Bipolar disorder (manic-depressive illness) is a chronic episodic disorder with a lifetime prevalence between 0.8% and 1.6% (1–3). Over the past several decades, substantial progress has been made in the pharmacologic treatment of the manic phase of bipolar disorder. Numerous authorities and treatment guidelines presently recognize that three individual agents—lithium, valproate, and carbamazepine (typically referred to as mood stabilizers)—and one class of agents—the conventional antipsychotics—have proven efficacy in the short-term treatment of acute mania (4–10).
However, it is also well recognized that a substantial proportion of patients with mania fail to respond adequately to these agents, whether they are used alone or in various combinations, or are unable to tolerate them (9, 10). Moreover, all of these agents are characterized by safety concerns that necessitate regular monitoring (e.g., renal and thyroid toxicity with lithium and tardive dyskinesia and neuroleptic malignant syndrome with typical antipsychotics). Novel medical treatments for the manic phase of bipolar disorder are therefore needed.
The success of the novel antipsychotic agent clozapine for treatment-resistant schizophrenia has resulted in its use for bipolar patients unresponsive to the usual treatment strategies (11–15). However, caution must be applied in interpreting these data, since the numbers of patients evaluated in controlled trials were small. Nonetheless, clozapine appears to benefit patients with rapid-cycling illness and those who do not respond to standard treatment. On the other hand, the use of clozapine in bipolar illness is limited by the relatively high incidence of agranulocytosis (annual rate=0.8%), which is tenfold higher than the rate for traditional antipsychotic agents (16). Furthermore, clozapine has other troublesome side effects (e.g., excessive salivation and sedation) that are likely to limit its use in bipolar patients. Another recently released antipsychotic agent, risperidone, has also been studied in open-label designs, with some studies suggesting a favorable response when it is combined with mood-stabilizing agents (17, 18). Accordingly, there continues to be a medical need for controlled studies to identify novel pharmacologic agents for use in bipolar disorder.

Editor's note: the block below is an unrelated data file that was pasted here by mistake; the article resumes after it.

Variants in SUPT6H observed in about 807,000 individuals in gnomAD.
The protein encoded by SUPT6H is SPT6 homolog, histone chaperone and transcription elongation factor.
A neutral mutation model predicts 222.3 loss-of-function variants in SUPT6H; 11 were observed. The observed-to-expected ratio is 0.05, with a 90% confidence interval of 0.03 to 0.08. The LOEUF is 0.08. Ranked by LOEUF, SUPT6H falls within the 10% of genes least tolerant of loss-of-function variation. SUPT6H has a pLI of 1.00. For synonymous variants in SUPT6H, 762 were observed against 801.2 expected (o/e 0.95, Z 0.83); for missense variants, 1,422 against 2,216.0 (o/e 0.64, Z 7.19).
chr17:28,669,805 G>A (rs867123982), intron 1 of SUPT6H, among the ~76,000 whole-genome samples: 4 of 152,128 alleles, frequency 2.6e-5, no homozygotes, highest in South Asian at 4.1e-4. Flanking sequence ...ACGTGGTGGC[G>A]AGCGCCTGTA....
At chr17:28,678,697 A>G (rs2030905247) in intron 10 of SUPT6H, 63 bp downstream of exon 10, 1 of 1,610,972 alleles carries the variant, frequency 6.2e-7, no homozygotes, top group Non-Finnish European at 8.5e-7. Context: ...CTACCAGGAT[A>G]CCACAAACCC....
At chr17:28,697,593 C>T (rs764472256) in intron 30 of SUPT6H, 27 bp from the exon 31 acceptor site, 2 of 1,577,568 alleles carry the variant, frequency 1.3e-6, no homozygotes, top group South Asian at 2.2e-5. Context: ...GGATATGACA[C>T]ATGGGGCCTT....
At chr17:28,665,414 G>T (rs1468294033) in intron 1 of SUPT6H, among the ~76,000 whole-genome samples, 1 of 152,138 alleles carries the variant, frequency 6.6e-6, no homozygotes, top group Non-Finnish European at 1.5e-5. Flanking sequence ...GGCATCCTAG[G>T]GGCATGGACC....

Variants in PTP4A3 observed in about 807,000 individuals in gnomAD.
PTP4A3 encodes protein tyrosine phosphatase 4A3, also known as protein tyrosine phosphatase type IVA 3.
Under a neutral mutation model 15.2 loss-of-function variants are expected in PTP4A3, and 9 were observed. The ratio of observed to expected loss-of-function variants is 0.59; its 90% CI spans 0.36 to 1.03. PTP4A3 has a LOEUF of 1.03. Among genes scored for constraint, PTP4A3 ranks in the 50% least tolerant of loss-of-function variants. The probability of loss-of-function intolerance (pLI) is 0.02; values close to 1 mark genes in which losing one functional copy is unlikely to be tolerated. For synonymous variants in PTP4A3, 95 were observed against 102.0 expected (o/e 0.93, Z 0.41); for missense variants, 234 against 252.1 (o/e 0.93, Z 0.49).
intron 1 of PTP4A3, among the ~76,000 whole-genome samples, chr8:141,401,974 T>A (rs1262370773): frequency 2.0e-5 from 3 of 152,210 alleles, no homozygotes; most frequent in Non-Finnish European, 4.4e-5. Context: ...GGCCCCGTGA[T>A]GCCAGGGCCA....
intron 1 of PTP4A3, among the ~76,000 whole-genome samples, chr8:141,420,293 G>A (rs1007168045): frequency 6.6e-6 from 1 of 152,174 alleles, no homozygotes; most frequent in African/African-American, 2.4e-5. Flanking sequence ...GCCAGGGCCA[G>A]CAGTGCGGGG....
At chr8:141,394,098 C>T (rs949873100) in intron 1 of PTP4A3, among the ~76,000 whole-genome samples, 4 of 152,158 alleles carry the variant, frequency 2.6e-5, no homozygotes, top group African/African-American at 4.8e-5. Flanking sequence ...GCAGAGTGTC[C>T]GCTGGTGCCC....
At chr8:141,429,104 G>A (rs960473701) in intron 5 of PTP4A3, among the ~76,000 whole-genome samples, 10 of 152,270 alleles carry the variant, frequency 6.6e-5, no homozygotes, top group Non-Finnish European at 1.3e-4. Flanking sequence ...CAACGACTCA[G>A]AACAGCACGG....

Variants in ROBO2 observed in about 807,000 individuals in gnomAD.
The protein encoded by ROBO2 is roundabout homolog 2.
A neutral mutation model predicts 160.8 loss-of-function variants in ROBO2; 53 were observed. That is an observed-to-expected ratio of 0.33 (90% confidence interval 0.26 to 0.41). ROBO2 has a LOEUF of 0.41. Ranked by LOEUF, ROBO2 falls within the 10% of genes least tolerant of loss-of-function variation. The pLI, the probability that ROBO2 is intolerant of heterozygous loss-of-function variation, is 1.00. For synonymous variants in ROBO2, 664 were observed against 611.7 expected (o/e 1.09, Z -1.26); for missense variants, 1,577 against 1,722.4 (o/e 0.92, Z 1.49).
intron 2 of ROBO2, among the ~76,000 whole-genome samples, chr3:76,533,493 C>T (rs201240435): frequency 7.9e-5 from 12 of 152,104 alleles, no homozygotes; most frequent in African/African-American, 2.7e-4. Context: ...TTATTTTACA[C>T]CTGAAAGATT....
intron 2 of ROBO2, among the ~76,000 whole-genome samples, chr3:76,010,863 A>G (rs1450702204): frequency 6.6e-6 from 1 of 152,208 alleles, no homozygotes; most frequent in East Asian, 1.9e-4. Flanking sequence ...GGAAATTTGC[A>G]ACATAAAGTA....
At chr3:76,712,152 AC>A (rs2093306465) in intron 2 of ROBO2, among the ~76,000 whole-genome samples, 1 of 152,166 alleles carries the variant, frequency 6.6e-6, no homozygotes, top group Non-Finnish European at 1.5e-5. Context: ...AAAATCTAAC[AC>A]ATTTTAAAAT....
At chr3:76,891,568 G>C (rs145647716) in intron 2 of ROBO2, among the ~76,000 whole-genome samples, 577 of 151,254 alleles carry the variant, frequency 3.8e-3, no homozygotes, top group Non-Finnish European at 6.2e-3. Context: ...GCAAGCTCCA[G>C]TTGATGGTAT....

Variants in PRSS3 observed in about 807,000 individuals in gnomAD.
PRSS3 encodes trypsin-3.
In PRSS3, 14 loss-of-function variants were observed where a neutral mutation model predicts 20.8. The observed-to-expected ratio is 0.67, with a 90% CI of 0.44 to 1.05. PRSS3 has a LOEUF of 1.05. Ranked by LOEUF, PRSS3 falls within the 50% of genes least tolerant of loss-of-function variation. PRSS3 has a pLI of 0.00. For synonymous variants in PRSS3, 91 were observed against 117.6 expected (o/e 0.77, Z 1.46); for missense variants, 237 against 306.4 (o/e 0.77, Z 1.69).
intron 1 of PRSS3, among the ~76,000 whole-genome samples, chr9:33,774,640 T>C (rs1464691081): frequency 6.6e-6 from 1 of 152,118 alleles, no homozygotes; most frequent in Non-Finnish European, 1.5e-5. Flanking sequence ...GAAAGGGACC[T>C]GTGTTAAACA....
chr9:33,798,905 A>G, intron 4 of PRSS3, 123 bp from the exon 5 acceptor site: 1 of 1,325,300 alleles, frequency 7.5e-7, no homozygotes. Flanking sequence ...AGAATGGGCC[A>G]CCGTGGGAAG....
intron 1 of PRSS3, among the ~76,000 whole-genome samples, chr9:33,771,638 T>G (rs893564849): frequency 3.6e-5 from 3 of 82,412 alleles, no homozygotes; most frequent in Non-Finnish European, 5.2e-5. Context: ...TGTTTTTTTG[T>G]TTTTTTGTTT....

Olanzapine, a recently introduced novel antipsychotic, demonstrates a pharmacologic profile that most closely resembles that of clozapine (19). In a series of double-blind controlled trials in patients with schizophrenia and schizoaffective disorder, olanzapine appeared superior to the conventional antipsychotic haloperidol on measures of overall psychotic symptoms, negative symptoms, comorbid mood symptoms, and quality of life (20–25). Recent reports of open-label studies suggest that olanzapine may be efficacious in patients with bipolar disorder (26–28), including those with manic or mixed symptoms inadequately responsive to lithium, anticonvulsants, and typical antipsychotics. Thus, on the basis of these reports and the findings of mood stabilization with olanzapine among both depressed schizophrenic patients (20) and schizoaffective bipolar patients (29), we decided to study olanzapine’s efficacy in the treatment of acute manic and mixed episodes in bipolar I disorder with and without psychotic features. We report on a double-blind study that included 139 patients and was conducted in the United States at 16 study sites between October 1996 and August 1997.